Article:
Reform of rail fare regulations could deliver a significant reduction in Britain’s carbon footprint over the next 10 years, a key industry body has said.
The Rail Delivery Group (RDG) pointed to recent analysis from consultants KPMG suggesting that overhauling the regulations that underpin the rail fares system could encourage an extra 300 million people over a decade to travel in seats that are currently empty on long-distance and regional trains.
Liverpool Lime Street Station
The RDG, which represents train companies and Network Rail, said that its own analysis found that a consequent reduction in people travelling in cars and planes could prevent up to 1.2 million tonnes of CO2 emissions over 10 years.
The annual carbon offset could be equal to taking more than 61,000 cars off Britain’s roads – the equivalent of almost a third of the cars on the busiest section of the M1 every day, the RDG said.
Chief operating officer Jacqueline Starr said: ‘More people than ever want to go green when it comes to how they travel. Our plans for easier fares would encourage more people to ditch dirty traffic jams in favour of cleaner, greener trains and it’s time the Government committed to wholesale reform of the outdated regulations that make rail fares so complicated.’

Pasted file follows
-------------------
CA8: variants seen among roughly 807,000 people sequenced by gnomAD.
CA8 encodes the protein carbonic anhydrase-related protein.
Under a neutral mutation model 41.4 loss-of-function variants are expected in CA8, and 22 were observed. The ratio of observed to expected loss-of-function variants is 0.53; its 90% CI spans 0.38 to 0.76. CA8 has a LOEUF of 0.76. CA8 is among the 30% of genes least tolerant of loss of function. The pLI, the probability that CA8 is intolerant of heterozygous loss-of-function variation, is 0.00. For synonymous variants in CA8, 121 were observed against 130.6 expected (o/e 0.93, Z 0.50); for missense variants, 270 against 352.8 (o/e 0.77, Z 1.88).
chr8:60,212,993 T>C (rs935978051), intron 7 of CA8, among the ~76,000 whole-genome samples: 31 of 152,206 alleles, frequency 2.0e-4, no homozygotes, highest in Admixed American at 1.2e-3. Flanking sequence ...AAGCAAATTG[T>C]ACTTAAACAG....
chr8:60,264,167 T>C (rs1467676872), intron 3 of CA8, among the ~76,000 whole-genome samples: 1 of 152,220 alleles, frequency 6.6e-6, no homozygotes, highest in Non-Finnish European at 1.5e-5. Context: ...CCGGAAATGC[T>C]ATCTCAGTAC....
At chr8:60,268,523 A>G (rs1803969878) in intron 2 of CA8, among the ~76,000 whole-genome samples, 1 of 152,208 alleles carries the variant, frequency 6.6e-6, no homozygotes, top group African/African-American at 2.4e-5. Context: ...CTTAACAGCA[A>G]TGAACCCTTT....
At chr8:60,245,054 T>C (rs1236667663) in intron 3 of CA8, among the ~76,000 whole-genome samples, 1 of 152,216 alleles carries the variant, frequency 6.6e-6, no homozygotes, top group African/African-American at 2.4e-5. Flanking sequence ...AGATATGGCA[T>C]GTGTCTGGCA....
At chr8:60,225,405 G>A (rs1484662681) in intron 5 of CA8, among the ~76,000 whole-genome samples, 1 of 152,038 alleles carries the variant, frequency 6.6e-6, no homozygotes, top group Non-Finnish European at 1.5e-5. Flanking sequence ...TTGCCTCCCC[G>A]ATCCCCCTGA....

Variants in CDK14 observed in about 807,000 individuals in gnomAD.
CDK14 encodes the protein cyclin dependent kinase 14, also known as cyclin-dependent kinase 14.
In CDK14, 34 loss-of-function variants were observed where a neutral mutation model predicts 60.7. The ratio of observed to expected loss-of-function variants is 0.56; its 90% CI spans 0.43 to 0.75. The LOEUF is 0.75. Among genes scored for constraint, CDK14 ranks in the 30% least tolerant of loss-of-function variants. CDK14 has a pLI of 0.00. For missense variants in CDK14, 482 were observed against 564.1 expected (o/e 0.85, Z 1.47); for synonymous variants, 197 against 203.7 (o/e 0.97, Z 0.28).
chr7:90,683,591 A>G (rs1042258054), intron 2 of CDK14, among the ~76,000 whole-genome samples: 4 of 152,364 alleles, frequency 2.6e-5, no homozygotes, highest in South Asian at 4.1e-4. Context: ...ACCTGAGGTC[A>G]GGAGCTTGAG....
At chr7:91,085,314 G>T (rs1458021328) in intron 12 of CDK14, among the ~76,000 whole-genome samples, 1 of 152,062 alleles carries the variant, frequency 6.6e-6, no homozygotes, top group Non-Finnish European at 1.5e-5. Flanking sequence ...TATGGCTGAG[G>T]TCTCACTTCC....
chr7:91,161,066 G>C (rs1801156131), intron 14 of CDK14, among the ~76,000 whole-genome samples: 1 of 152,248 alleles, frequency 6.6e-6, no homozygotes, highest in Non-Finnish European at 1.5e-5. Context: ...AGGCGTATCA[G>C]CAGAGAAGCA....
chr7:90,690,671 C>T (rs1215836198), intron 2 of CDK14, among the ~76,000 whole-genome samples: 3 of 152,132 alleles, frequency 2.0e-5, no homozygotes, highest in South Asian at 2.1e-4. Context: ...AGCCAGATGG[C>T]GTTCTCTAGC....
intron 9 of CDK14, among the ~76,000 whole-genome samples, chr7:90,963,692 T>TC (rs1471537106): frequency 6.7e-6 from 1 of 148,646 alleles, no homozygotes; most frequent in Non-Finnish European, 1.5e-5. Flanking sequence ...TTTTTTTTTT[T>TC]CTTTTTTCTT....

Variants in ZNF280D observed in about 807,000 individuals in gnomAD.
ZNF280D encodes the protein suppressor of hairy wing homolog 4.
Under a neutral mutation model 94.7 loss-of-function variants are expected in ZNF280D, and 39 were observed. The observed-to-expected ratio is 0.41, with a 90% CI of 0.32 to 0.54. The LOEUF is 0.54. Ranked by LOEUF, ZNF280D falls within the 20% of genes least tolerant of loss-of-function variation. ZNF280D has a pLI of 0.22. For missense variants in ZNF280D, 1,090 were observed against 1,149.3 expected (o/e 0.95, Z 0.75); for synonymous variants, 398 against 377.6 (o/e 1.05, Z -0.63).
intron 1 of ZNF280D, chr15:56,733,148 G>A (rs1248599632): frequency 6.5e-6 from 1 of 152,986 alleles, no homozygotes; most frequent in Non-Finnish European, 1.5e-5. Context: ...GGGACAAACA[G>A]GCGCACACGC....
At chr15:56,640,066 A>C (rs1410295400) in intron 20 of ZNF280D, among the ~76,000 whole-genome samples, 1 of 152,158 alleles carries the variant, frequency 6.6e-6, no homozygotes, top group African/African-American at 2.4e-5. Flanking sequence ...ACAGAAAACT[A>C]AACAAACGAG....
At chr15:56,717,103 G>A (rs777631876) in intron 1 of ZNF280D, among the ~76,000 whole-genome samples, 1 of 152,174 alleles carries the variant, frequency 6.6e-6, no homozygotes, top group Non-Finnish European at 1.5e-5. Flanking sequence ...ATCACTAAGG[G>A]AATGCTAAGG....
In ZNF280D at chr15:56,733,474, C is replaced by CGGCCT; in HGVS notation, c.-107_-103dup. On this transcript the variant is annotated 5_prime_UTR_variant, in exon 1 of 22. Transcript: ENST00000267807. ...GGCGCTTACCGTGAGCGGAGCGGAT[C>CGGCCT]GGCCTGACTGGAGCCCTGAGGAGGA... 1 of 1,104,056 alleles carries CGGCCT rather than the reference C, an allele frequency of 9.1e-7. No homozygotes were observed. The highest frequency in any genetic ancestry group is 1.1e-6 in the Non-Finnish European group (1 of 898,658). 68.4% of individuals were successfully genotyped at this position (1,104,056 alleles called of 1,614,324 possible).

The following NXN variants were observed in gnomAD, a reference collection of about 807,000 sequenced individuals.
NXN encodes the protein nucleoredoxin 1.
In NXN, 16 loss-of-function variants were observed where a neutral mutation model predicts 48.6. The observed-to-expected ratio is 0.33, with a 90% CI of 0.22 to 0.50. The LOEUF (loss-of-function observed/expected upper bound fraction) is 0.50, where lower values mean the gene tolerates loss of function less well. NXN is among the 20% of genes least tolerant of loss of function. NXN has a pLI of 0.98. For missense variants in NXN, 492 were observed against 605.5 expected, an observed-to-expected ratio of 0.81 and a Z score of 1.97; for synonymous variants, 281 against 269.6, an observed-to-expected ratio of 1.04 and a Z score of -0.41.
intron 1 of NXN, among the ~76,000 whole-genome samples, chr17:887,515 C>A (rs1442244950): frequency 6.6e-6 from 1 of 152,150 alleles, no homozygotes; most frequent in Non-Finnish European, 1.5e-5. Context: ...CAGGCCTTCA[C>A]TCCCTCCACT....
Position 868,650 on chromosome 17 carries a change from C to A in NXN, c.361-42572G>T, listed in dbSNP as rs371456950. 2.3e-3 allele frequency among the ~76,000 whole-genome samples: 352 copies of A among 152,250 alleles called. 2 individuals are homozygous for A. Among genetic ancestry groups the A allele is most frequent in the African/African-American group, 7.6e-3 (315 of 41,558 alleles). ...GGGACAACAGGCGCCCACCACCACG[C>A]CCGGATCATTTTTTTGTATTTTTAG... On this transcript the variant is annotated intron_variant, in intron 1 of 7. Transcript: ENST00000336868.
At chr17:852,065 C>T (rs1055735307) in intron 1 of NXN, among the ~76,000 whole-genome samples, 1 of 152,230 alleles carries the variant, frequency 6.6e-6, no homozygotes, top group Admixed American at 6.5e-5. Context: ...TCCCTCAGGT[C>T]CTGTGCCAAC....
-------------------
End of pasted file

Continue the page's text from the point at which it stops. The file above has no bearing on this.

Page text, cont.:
The RDG said the projected increase in journeys would be delivered primarily by making fares easier to understand, by offering a better range of walk-up fares and as the ‘cliff-edge’ between peak and off-peak prices created by existing regulations is smoothed out.
It said commuters could also be incentivised to use the rail network by the introduction of tap-in-tap-out payment with price caps, and season tickets that better reflect flexible working patterns.
The RDG added that current regulations governing rail fares were set in the 1990s and have failed to keep pace with how people work and travel today, leading to a rigid system and restricting the range of fares operators can offer, which contributes to crowding, known commonly as overcrowding, on some services.
Mike Childs, head of science at Friends of the Earth, said: ‘The climate crisis will be solved, in part, by getting people out of their cars and using public transport such as trains. Any suggestions to help with this have got to be explored, and this includes reforming rail fares to give passengers the confidence they are getting the best price for their ticket.
‘Right now, government policy means driving a car is cheap and rail fares keep getting more and more expensive. Making fares cheaper and fairer is one of the ways to make travel by rail more appealing and more accessible.’